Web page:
|Year : 2004 | Volume
| Issue : 1 | Page : 59-60
Bilateral senile scleral plaques mimicking post-inflammatory scleral ectasia
Somasheila I Murthy, Virender S Sangwan
Department of Ocular Immunology and Uveitis, L V Prasad Eye Institute, Hyderabad, India
Somasheila I Murthy
Department of Ocular Immunology and Uveitis, L V Prasad Eye Institute, Hyderabad
Source of Support: None, Conflict of Interest: None
Scleral plaque is a commonly occurring change in older individuals. We report a case of bilateral scleral plaques seen in an elderly female patient. This current case report describes a common but often missed benign scleral change in the elderly individual.
Keywords: Scleral plaque, senile hyaline plaque, scleromalacia perforans
|How to cite this article:|
Murthy SI, Sangwan VS. Bilateral senile scleral plaques mimicking post-inflammatory scleral ectasia. Indian J Ophthalmol 2004;52:59-60
Senile scleral plaques are a commonly noticed but rarely diagnosed or often misdiagnosed scleral change. These are areas of hyalinisation over the insertions of the horizontal rectus muscles and are seen in the elderly. These slate-gray scleral discolorations are sometimes confused with post-inflammatory scleral thinning or scleral tumour. We report a case of bilateral senile scleral plaques, initially diagnosed as post-inflammatory scleral thinning and referred to us for further management.
| Case report|| |
A 69-year-old woman presented in July 2000 with gradual, painless visual loss in both eyes over the past several months. She had been treated for hypertension and coronary artery disease for seven years and osteoarthritis for 20 years.
Her best-corrected visual acuity was 6/36 in the right eye and 6/15 in the left eye. External examination in both eyes demonstrated oval, slate-gray lesions measuring 3mm in diameter, located just anterior to the insertion of the lateral rectus in the right eye [Figure - 1]a and to the medial rectus in the left eye [Figure - 1]b and [Figure - 2]. The rest of the ocular examination, including fundus examination was unremarkable except for the presence of 3+ nuclear sclerosis in both eyes. The initial diagnosis was post inflammatory scleral thinning. Based on the colour, typical location and translucency of the lesions, a diagnosis of senile scleral plaques was made.
Since the findings were pathognomonic and the condition benign, no further investigations or treatment were recommended. Subsequently, the patient underwent uneventful cataract surgery and her postoperative visual acuity was 6/6 in both eyes. There was no change in the scleral plaques over a follow-up period of 20 months.
| Discussion|| |
This case highlights the diagnostic confusion that can occur in cases of scleral plaque. These hyaline plaques occur typically as bilaterally symmetrical lesions in individuals over 50 years of age and appear as a dark, oval, non-progressive patch 2 to 3mm in diameter surrounded by a dense calcareous yellowish ring; the centre of the patch appears translucent, allowing a view of the underlying uvea.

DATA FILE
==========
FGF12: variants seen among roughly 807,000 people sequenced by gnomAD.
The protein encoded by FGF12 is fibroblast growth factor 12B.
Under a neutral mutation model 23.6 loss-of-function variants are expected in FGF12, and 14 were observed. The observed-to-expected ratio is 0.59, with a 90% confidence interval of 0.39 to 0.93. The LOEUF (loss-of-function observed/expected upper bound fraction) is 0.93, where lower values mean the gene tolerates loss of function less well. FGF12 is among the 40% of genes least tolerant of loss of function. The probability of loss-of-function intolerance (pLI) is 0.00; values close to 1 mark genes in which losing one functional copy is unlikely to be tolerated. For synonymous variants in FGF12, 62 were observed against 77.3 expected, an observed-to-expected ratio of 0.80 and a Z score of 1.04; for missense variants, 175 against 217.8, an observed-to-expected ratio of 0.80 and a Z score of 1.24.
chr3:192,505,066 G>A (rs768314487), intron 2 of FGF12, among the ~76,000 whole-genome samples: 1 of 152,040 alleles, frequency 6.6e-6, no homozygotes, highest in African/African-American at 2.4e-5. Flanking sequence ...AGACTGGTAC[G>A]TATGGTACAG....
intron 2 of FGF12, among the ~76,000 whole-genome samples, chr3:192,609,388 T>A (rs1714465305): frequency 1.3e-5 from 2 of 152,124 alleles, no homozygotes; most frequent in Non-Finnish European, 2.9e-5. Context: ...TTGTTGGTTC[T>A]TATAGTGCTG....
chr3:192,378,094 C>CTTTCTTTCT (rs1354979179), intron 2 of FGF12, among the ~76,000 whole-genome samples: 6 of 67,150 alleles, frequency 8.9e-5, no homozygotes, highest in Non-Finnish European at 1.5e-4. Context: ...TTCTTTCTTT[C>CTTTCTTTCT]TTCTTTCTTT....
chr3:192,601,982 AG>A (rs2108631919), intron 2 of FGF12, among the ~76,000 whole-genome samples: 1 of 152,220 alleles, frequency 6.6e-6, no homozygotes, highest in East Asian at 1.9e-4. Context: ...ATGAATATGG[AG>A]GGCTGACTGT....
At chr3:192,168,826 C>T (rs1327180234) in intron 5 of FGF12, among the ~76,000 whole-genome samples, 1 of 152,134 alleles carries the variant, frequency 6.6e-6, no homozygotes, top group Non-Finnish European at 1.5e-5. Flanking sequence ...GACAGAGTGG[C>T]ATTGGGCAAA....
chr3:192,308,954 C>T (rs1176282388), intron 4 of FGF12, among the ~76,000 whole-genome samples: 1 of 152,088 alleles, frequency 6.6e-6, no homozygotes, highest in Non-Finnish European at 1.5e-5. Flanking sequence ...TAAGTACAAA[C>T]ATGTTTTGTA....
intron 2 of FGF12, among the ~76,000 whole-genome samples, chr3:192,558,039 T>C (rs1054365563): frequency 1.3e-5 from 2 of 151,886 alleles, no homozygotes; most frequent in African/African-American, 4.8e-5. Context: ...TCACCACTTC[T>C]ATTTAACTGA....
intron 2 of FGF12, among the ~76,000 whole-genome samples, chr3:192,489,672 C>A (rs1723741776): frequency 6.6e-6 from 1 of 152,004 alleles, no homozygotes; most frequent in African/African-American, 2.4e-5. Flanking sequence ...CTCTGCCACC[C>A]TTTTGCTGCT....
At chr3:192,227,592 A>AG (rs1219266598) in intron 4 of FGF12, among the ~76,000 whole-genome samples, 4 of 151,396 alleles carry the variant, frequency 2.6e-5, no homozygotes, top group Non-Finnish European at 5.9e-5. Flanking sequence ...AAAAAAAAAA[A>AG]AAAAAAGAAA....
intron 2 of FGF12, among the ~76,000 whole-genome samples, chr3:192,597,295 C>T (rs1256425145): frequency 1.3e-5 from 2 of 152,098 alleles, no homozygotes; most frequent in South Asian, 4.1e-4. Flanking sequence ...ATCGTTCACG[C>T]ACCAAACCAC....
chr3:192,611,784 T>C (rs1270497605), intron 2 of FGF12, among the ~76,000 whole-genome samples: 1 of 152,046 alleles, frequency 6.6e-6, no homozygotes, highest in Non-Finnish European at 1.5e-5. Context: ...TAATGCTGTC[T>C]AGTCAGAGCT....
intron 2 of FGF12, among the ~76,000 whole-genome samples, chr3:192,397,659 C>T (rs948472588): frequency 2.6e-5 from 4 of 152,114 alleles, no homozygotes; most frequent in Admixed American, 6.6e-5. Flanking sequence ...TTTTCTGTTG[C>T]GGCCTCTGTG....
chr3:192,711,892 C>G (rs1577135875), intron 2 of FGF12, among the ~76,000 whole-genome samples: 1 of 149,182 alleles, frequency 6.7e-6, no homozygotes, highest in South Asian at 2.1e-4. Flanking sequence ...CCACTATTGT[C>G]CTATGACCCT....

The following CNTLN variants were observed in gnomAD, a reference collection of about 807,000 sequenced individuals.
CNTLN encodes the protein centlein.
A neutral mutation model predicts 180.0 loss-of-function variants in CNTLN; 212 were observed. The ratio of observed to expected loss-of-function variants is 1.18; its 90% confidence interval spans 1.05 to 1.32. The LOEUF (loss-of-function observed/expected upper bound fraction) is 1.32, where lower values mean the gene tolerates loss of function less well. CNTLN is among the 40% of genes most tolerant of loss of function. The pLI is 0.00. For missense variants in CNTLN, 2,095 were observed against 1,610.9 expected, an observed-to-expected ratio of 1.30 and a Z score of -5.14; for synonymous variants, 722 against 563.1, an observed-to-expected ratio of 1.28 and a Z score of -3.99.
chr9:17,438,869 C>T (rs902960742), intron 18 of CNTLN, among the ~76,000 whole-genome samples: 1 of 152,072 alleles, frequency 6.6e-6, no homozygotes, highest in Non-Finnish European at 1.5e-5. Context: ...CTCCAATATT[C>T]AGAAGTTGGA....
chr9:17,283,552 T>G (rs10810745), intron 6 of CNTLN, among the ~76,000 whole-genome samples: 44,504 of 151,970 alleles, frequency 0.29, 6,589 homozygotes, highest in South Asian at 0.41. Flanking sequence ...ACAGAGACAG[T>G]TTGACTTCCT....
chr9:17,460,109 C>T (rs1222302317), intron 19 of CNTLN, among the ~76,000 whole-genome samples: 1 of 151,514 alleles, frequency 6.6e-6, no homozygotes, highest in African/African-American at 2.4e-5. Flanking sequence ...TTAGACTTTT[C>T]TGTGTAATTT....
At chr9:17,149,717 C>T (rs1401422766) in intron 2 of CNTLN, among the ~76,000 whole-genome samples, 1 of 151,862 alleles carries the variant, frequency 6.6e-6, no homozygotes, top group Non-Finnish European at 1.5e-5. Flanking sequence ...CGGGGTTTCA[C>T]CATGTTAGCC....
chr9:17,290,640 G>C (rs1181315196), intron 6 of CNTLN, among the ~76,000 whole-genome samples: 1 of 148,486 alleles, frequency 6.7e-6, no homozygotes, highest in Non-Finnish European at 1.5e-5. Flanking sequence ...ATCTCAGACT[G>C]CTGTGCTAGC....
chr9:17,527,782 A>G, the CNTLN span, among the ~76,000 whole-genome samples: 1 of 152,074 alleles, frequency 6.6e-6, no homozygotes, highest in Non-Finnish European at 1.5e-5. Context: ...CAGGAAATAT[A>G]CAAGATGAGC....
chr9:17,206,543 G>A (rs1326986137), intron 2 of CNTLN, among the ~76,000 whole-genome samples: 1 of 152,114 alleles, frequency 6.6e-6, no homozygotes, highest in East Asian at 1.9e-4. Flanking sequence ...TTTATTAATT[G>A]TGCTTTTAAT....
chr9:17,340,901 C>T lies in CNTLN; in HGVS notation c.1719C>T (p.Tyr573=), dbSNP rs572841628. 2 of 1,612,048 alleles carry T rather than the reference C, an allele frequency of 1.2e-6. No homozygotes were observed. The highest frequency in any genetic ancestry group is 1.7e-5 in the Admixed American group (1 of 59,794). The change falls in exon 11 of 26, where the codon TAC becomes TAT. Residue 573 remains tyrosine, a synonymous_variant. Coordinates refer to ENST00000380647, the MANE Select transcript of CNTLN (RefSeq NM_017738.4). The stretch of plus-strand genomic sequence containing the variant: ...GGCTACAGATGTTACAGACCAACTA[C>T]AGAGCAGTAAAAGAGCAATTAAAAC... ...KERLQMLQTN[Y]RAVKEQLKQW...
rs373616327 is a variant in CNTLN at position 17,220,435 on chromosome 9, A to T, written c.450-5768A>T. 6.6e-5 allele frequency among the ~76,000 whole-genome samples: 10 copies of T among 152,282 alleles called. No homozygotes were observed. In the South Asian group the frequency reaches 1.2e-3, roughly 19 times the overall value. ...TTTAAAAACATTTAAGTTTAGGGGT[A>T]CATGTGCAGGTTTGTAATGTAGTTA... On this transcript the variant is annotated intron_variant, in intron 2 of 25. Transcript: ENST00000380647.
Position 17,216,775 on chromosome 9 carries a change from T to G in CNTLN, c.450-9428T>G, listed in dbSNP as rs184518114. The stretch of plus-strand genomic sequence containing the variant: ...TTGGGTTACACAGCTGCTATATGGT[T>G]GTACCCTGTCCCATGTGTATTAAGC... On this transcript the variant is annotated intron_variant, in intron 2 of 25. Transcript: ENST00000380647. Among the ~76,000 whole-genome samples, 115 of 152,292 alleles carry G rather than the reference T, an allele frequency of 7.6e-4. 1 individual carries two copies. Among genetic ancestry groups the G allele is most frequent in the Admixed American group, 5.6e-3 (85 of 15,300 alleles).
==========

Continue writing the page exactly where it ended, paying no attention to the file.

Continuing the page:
In the past, these benign senile lesions were suspected to be an extraocular extension of uveal melanomas, conjunctival malignant melanoma, necrotising scleritis, scleromalcia perforans and postinflammatory scleral thinning (present case). The findings of bilaterality, typical location (anterior to horizontal muscle insertion), and transillumination help distinguish this from other conditions.
The clinical features that help distinguish the various differential diagnoses are summarised in [Table - 1].
The aetiopathogenesis of scleral plaque is as follows: Over a period of time, accumulated actinic damage from solar irradiation leads to gradual disruption of the scleral fibres at exposed sites in the sclera. The maximal stress of the horizontal recti and tractional forces of the muscles is at the insertions. Over time, these forces lead to thinning of the sclera and subsequent formation of scleral plaque.
In the absence of complications observation alone is advocated. Complications such as progression to scleral thinning and sequestration of the plaque may occur. The former may lead to scleral perforation and the latter may be associated with infection. If these do occur, surgical management with scleral patch graft  may be required to preserve globe integrity and avoid further vision-threatening complications.
To summarise, this case demonstrates a fine example of a clinical situation where meticulous clinical examination and awareness of this condition can help avoid extensive systemic work up and unnecessary anxiety to the patient and the surgeon.
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[Figure - 1], [Figure - 2]
[Table - 1]